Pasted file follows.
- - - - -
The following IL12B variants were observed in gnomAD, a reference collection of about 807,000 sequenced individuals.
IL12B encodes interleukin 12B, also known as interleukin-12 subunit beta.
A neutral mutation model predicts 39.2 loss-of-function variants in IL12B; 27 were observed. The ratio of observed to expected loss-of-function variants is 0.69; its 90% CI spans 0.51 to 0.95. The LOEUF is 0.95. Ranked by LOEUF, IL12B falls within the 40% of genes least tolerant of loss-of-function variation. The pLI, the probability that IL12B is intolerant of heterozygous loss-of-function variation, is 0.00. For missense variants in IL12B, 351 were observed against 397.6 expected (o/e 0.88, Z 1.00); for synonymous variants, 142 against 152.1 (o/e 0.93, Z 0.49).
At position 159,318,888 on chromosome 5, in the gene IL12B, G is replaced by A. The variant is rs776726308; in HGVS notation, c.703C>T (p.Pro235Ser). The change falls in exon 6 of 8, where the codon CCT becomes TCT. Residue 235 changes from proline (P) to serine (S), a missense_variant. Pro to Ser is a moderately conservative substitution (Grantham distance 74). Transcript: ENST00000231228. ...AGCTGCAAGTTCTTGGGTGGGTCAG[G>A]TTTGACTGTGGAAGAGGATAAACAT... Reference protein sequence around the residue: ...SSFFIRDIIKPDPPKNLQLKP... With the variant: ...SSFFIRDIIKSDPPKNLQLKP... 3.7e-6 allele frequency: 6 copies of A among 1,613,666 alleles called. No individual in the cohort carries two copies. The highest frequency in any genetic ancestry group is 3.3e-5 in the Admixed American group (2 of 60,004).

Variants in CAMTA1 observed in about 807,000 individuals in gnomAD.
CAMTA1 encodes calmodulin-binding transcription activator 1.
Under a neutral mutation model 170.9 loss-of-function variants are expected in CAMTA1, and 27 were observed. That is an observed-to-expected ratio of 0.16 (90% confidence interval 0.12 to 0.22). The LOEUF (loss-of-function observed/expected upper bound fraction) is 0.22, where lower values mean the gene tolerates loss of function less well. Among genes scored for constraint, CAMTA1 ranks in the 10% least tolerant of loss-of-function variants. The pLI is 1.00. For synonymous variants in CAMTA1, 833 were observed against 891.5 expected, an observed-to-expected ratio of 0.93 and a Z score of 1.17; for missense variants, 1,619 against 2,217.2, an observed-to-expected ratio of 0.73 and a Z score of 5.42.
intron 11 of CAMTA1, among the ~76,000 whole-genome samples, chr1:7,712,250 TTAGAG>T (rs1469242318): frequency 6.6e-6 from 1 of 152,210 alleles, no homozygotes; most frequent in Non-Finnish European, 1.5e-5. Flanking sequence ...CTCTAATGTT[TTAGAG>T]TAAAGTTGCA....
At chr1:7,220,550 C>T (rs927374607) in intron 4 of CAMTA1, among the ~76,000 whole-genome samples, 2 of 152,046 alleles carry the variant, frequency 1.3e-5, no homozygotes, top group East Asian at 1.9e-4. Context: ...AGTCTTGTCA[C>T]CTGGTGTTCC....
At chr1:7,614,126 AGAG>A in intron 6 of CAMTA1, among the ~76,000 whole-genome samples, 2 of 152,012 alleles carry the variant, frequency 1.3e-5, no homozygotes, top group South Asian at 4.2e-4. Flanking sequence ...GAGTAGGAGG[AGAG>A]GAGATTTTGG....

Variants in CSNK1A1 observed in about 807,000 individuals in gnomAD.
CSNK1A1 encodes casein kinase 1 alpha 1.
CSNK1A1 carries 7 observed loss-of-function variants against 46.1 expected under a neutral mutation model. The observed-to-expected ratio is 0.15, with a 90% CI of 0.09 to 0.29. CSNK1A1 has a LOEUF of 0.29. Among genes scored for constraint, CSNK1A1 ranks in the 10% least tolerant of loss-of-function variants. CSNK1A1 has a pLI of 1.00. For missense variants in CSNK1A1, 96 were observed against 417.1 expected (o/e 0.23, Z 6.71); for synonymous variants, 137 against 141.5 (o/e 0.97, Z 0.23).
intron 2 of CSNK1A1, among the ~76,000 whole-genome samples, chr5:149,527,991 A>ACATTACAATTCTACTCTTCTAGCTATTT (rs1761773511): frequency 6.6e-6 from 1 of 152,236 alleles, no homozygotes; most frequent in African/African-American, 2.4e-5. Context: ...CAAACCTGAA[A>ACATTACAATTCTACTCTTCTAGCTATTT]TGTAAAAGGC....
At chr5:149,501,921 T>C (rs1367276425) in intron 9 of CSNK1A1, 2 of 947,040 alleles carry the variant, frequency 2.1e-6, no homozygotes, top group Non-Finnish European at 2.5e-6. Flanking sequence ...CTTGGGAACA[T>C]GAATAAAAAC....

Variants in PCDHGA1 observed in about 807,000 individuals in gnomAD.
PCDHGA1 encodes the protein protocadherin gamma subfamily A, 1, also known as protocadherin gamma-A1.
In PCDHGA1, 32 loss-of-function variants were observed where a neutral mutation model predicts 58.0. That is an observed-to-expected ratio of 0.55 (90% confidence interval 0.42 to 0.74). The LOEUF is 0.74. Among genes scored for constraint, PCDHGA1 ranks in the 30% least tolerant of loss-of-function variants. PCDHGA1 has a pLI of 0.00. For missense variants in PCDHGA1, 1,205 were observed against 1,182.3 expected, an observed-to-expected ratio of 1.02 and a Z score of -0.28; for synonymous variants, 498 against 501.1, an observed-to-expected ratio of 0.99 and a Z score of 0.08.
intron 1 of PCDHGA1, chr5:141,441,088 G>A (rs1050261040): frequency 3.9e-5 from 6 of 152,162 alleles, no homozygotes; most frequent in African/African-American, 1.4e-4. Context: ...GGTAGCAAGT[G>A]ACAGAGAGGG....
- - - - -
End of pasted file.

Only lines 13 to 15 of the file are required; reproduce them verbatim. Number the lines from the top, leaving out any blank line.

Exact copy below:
CSNK1A1 carries 7 observed loss-of-function variants against 46.1 expected under a neutral mutation model. The observed-to-expected ratio is 0.15, with a 90% CI of 0.09 to 0.29. CSNK1A1 has a LOEUF of 0.29. Among genes scored for constraint, CSNK1A1 ranks in the 10% least tolerant of loss-of-function variants. CSNK1A1 has a pLI of 1.00. For missense variants in CSNK1A1, 96 were observed against 417.1 expected (o/e 0.23, Z 6.71); for synonymous variants, 137 against 141.5 (o/e 0.97, Z 0.23).
intron 2 of CSNK1A1, among the ~76,000 whole-genome samples, chr5:149,527,991 A>ACATTACAATTCTACTCTTCTAGCTATTT (rs1761773511): frequency 6.6e-6 from 1 of 152,236 alleles, no homozygotes; most frequent in African/African-American, 2.4e-5. Context: ...CAAACCTGAA[A>ACATTACAATTCTACTCTTCTAGCTATTT]TGTAAAAGGC....
At chr5:149,501,921 T>C (rs1367276425) in intron 9 of CSNK1A1, 2 of 947,040 alleles carry the variant, frequency 2.1e-6, no homozygotes, top group Non-Finnish European at 2.5e-6. Flanking sequence ...CTTGGGAACA[T>C]GAATAAAAAC....